The raid of Turkish Statistical Institute
Selahattin Demirtaş writes: Dear and valuable people, the state is yours. It is your property. It is not owned by either the government or bureaucrats. If someone calls it a raid when your representative goes to inspect your institutions on your behalf, know that someone has usurped your ownership rights. What will you do, then? You will get them back. You are the people, you can do it.
When representatives of the main opposition party wanted to visit the Turkish Statistical Institute (TÜİK), the government responded by calling it, “the TÜİK raid.” What opposition parties will do and how they will behave is up to them.
Something about this visit caught my attention. Some argued that it was within the scope of deputies’ rights to obtain information from public institutions and to visit public institutions (that’s included in the statement on the institution’s own website). Others described it as a raid. Both interpretations are seriously lacking in terms of how the concept of the state is perceived. Both approaches, in essence, endorse and normalize the authoritarian understanding of the “holy state.” The opposition does this unknowingly, unwittingly, while the government does it willingly.
Neither the state nor those elected by your votes are sacred
I will explain what I mean. But first, it is necessary to address what, exactly, representative democracy is. Ancient Greek city-states practiced direct democracy. Those considered citizens gathered in the city square and all decisions were made by the people’s assembly. This was a direct democracy. There were no representatives of the people, deputies, or elected officials. Those who were accepted as citizens made their own decisions directly.
Then, the cities became more populous, the number of citizens increased, and they grew to a size that could no longer fit in city squares, and could no longer discuss and decide in a healthy way. Instead of gathering everyone in the people’s assembly, they devised a solution. It was deemed necessary that someone is elected on behalf of the people and that the elected representatives would convene and make decisions on behalf of the people. Thus, representative democracy was born.
In time, representative democracy worked against the people. Representatives became a privileged class thanks to the will of the people they represented. Instead of making decisions on behalf of the people to administer the state, these representatives began to see themselves as the owners of the state. Unfortunately, the people accepted this and normalized it over time. In other words, it came to pass that the will to govern the state, which originally belonged directly to the people, was taken away from them by means of representatives and deputies. Thus, the state was positioned above the people, and the elected officials who ruled it were placed in a class above the people.
In other words, dear people, neither the state nor the representatives are above you. The state is not sacred, nor are those elected by your votes. TÜİK, especially, is not holy at all. The state and its rulers are the servants of the people. As soon as we forget this, the state will wind itself around us and become an authoritarian state of oppression.
The responsibility and duty of supervision
Given this analysis, let’s turn to the current situation. The bylaws of Turkey's parliament and the Constitution give two basic duties to representatives. The first is legislation - that is, making laws. The second is supervision - that is, overseeing the actions of the government. Needless to say, the legislative mandate and authority are widely understood. But, within the “holy state” mentality, the supervisory authority and duty are either not known or are suppressed to the point of not being used at all. However, all activities of the government, without exception, are subject to judicial and legislative oversight. At least, that’s what the Constitution says. In other words, the nation, through its representatives, has the right (and even the responsibility) to oversee everything - everything - done by those who govern the state. The state and its institutions do not belong to any one person, especially not the government. Even the smallest pin created by the state belongs to the people. The government has to give an account of how that pin was used to the public. This accountability is not at the discretion of governments. It is a constitutional and moral obligation. So, then, how can the people control the state? Through elected representatives, deputies, and the judiciary, of course.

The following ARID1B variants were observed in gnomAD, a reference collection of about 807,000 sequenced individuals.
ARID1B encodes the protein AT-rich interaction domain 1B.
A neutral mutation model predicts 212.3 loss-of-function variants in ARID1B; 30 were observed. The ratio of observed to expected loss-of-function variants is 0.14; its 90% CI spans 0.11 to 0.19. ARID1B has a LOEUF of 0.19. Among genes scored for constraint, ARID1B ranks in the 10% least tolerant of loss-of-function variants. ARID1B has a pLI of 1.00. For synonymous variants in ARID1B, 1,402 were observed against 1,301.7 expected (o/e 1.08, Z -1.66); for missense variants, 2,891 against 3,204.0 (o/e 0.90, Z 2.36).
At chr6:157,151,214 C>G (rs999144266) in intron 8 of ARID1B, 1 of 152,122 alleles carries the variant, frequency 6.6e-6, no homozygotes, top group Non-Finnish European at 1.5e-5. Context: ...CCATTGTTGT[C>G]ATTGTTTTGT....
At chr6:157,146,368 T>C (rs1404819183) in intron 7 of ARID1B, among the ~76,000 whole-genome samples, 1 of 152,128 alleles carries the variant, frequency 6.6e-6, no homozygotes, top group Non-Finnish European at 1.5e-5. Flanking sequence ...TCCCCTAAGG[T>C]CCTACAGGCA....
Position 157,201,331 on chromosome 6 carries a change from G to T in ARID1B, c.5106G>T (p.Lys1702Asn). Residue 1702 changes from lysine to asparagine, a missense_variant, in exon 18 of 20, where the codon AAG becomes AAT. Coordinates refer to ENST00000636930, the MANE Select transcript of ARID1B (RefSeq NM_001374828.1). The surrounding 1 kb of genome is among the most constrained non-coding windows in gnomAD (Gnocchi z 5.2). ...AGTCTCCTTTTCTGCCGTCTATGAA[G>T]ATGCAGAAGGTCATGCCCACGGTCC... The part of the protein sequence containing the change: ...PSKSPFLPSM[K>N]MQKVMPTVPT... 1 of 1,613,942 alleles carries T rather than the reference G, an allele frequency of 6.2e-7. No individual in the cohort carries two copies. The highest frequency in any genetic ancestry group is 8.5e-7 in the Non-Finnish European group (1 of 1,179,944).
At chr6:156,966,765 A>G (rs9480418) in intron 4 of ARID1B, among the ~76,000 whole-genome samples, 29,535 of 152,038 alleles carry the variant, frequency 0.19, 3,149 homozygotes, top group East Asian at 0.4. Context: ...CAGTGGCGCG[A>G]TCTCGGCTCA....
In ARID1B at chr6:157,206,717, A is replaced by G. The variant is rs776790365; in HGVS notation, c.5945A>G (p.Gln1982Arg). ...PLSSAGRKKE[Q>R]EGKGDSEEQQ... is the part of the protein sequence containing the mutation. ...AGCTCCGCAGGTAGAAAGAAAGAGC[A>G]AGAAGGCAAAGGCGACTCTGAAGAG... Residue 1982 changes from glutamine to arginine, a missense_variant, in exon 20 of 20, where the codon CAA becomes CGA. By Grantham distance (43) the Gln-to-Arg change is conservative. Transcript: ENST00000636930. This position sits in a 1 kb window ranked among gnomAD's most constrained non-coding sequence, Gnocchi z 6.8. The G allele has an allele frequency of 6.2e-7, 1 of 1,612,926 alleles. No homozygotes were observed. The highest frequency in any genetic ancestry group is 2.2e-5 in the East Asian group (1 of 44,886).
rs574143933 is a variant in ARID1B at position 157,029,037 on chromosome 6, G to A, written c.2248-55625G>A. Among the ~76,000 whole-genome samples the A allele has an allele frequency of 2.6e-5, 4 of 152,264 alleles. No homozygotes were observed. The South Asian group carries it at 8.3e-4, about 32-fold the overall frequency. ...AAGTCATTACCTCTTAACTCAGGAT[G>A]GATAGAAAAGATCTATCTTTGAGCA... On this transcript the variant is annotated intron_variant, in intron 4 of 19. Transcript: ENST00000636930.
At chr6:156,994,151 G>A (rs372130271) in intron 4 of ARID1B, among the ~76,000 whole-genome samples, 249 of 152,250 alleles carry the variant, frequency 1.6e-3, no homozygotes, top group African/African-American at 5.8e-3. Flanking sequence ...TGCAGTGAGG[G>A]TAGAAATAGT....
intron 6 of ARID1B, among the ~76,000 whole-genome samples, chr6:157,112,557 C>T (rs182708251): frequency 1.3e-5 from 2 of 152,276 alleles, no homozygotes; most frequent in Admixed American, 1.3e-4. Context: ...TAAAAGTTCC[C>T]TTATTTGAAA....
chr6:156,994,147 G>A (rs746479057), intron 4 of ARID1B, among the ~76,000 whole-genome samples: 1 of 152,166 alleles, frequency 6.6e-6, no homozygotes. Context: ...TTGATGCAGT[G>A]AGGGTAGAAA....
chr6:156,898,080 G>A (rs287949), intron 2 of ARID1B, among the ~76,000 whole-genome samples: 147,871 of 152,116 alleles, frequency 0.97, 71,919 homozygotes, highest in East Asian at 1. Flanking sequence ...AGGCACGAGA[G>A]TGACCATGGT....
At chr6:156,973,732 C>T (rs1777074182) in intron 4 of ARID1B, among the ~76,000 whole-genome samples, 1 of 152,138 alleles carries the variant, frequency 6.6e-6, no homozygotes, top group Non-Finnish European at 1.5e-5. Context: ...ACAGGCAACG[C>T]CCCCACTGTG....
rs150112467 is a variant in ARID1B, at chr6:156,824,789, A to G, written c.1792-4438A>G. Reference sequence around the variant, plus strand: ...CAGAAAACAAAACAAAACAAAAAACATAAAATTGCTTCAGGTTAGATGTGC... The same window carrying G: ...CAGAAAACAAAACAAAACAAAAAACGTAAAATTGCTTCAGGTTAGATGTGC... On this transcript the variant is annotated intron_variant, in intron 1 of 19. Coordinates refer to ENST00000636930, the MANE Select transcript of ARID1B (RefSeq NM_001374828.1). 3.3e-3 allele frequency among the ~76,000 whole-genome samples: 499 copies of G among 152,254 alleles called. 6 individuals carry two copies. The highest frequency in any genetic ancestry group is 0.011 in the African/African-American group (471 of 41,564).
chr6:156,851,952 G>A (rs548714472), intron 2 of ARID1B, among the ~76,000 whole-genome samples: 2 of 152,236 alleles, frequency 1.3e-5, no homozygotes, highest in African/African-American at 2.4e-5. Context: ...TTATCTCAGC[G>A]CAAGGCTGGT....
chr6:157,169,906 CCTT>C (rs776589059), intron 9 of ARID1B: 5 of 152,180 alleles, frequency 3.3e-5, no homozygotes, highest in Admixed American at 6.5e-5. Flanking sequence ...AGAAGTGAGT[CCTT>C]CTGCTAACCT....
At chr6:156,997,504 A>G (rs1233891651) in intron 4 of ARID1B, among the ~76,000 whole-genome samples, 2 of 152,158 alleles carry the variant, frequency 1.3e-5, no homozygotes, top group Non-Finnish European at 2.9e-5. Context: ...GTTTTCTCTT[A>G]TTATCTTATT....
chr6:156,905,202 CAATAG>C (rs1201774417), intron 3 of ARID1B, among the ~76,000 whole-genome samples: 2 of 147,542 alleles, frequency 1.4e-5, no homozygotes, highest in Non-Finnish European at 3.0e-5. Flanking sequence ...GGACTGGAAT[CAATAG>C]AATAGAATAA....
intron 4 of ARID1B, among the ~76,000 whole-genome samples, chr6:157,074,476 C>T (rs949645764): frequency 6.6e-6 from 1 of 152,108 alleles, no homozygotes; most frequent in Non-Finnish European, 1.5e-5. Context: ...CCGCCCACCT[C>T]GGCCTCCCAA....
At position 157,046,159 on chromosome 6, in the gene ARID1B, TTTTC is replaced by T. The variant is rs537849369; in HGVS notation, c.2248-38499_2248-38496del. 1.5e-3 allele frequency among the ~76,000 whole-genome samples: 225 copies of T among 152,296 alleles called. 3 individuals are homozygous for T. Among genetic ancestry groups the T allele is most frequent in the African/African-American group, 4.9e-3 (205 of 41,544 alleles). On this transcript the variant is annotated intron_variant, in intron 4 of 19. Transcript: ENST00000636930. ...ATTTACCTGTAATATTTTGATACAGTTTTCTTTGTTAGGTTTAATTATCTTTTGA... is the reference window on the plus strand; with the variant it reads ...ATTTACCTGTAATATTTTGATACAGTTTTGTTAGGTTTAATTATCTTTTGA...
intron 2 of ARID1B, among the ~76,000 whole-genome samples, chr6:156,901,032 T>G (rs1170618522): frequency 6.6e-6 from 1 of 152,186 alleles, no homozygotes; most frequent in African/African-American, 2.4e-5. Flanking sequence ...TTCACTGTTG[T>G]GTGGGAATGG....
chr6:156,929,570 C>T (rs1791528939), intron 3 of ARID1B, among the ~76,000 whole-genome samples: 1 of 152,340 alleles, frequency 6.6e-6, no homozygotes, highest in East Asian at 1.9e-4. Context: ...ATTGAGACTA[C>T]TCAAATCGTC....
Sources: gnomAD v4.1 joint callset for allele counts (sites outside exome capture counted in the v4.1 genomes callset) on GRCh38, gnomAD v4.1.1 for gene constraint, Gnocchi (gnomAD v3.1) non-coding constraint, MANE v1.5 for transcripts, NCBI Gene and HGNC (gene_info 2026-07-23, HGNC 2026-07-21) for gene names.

Therefore, our country’s deputies who go to TÜİK are not there within the scope of their right to information. No, they are there within the scope of the right, authority, and duty of oversight given to them by the parliament, the Constitution, and the nation.
If the bureaucrats, who welcome government deputies, lock the door when an opposition deputy visits a public institution, it can be said that there is a serious distortion of mindset and an authoritarian state. When it is considered normal that, despite every member of the parliament having the same rights, the government acts as the owner of the state, the situation is dire. If we are to transition to a real democratic parliamentary system, the power of deputies to supervise the state should be specifically ensured.
In summary, dear and valuable people, the state is yours. It is your property. It is not owned by either the government or bureaucrats. If someone calls it a raid when your representative goes to inspect your institutions on your behalf, know that someone has usurped your ownership rights. What will you do, then? You will get them back. You are the people, you can do it.
(Selahattin Demirtaş is the former co-chair of the Peoples' Democratic Party (HDP). He has been imprisoned since Nov. 4, 2016 in Edirne Prison)